Four years ago, Barack Obama centered his campaign around a message of change. With "Change we can believe in" as a campaign slogan, the Democratic presidential candidate positioned himself as a fresh alternative to the policies of the Bush administration. But if the two major party's 2012 platforms are any indication, Obama and the Democrats are no longer the party of change; rather, they now stand for continuity and modest adjustment. In 2012 it is the Republican platform which proposes the most sweeping transformations to American policy.
The 2012 Democratic Party Platform, released on Tuesday in advance of the party convention, emphasizes maintenance and stability. Popular welfare state programs such as Medicare and Social Security are to be preserved, and the economy's fragile, sluggish recovery is to be further nurtured. The platform includes deficit reduction as a major plank, emphasizing the Democrats' efforts to "restore fiscal responsibility to Washington."
The Democratic platform's philosophy of gradual growth stands in sharp contrast to its more ambitious Republican counterpart. As previously reported by Lean Forward, the GOP's 2012 version of their platform includes a plank calling for abortion to be outlawed in all circumstances, including rape and incest. (The Democratic platform simply voices support for the legal protections established by Roe v. Wade.) The platform also proposes putting "traditional Medicare in competition with private plans," echoing Paul Ryan's controversial proposal for a Medicare voucher program. The economy and jobs section of the platform even calls for a Balanced Budget Amendment, and an aggressive range of anti-labor union policies that could effectively end both public and private sector unions' already dwindling influence.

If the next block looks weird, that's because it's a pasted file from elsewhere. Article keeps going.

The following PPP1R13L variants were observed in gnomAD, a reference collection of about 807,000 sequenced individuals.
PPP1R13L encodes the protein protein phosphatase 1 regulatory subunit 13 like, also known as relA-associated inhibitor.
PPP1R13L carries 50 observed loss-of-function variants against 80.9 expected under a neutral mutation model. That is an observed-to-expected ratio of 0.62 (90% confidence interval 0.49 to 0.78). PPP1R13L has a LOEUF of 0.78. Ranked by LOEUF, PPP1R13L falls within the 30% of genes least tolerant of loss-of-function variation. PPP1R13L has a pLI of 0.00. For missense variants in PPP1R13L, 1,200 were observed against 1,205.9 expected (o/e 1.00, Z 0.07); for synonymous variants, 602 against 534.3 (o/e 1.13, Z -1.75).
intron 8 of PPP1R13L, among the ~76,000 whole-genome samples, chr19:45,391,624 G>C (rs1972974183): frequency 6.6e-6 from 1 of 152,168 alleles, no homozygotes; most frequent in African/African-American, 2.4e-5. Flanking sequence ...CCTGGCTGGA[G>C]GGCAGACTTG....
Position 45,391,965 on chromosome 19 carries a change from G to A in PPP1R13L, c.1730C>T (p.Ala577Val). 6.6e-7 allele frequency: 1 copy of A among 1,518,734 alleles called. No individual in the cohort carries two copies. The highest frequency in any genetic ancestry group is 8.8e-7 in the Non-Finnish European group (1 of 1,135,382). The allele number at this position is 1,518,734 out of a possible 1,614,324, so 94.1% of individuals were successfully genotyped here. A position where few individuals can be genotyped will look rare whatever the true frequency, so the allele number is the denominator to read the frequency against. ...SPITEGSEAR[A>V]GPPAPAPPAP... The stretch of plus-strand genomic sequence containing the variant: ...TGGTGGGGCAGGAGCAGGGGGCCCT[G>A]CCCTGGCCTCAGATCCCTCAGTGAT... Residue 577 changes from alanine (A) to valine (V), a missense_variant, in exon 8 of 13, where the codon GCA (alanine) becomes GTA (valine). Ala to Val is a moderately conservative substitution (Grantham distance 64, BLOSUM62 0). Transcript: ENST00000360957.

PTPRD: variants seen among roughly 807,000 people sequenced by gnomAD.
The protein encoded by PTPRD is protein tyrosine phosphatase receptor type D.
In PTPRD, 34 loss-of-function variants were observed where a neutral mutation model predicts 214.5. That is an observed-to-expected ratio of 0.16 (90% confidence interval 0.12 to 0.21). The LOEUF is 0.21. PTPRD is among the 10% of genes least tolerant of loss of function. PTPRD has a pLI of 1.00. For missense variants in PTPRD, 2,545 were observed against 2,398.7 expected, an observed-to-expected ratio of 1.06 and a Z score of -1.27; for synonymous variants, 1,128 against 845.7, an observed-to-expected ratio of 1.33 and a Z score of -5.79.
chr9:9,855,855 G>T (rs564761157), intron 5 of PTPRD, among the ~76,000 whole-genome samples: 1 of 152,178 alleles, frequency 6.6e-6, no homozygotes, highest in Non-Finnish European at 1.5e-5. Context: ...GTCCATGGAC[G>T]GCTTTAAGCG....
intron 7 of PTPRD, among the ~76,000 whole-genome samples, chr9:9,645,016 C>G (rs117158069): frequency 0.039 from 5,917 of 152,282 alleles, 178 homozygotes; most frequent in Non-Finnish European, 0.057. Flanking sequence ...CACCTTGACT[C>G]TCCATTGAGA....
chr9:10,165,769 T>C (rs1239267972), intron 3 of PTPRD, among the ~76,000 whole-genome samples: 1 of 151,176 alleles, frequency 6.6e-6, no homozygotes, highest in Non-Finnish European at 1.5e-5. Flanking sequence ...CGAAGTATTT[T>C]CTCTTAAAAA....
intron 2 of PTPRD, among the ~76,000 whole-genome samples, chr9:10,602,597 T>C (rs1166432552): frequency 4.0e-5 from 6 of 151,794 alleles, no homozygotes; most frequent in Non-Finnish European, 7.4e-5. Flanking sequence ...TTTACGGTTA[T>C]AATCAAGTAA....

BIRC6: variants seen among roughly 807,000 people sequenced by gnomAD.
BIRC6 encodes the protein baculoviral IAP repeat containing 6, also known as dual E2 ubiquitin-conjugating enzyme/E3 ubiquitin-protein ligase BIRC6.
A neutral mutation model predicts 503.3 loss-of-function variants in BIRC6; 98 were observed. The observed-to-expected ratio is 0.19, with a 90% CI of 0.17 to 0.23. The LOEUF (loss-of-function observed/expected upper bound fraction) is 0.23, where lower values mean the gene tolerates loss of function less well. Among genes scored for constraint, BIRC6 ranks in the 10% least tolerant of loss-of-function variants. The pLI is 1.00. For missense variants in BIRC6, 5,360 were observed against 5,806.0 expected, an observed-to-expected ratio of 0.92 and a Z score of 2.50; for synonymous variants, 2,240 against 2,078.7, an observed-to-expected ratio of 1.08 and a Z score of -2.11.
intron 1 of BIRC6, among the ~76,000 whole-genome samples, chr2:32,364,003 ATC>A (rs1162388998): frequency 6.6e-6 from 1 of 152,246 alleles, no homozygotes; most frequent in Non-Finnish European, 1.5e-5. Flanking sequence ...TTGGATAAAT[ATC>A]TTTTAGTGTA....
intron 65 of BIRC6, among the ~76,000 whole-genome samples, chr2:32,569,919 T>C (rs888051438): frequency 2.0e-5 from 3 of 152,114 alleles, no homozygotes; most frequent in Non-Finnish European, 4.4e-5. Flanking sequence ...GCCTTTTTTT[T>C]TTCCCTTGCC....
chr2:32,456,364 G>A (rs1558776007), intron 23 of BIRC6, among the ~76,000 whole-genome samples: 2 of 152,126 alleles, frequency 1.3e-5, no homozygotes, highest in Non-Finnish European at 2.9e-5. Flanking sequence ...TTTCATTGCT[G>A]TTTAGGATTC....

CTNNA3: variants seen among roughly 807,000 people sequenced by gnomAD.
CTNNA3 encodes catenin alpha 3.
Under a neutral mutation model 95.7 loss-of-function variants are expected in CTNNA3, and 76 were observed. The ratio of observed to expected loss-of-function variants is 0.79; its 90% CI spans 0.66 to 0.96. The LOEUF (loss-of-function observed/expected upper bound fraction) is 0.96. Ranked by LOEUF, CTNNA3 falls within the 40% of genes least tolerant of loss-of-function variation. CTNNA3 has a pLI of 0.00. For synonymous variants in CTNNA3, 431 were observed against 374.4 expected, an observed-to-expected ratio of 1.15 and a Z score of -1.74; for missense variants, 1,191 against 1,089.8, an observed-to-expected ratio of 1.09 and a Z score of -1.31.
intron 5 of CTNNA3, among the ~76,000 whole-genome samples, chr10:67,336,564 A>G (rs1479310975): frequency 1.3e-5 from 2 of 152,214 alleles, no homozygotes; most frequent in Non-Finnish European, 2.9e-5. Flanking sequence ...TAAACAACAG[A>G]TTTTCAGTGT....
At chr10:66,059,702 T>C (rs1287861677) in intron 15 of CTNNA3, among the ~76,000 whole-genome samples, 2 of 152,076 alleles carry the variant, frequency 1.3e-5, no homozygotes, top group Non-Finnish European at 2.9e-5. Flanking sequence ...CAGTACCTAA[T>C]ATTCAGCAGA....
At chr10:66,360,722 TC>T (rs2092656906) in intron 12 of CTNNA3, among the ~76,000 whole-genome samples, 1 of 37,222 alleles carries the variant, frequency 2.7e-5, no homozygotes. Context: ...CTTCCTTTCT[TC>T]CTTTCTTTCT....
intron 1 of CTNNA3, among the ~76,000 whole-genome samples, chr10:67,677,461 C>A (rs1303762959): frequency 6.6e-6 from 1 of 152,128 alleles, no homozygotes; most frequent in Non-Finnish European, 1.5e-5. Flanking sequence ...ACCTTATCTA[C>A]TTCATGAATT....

The Democratic platform does include some striking new proposals of its own. For example, it is the first platform by any major party to explicitly endorse marriage equality. However, the old outweighs the new on the Democratic side, in part because so much of the platform's text is an endorsement or defense of the incumbent president's policies. The phrase "We will continue to" recurs 44 times over the course of the document.
There are some points of overlap between the two platforms, most notably in their attempts to define the "American Dream." Whereas Republicans say they stand for a country where "any American who works hard, dreams big and follows the rules can achieve anything he or she wants," Democrats write that they intend to "[restore] for everyone who works hard and plays by the rules the opportunity to find a job that pays the bills, turn an idea into a profitable business, care for your family, afford a home you call your own and health care you can count on, retire with dignity and respect, and, most of all, give your children the kind of education that allows them to dream even bigger and go even further than you ever imagined."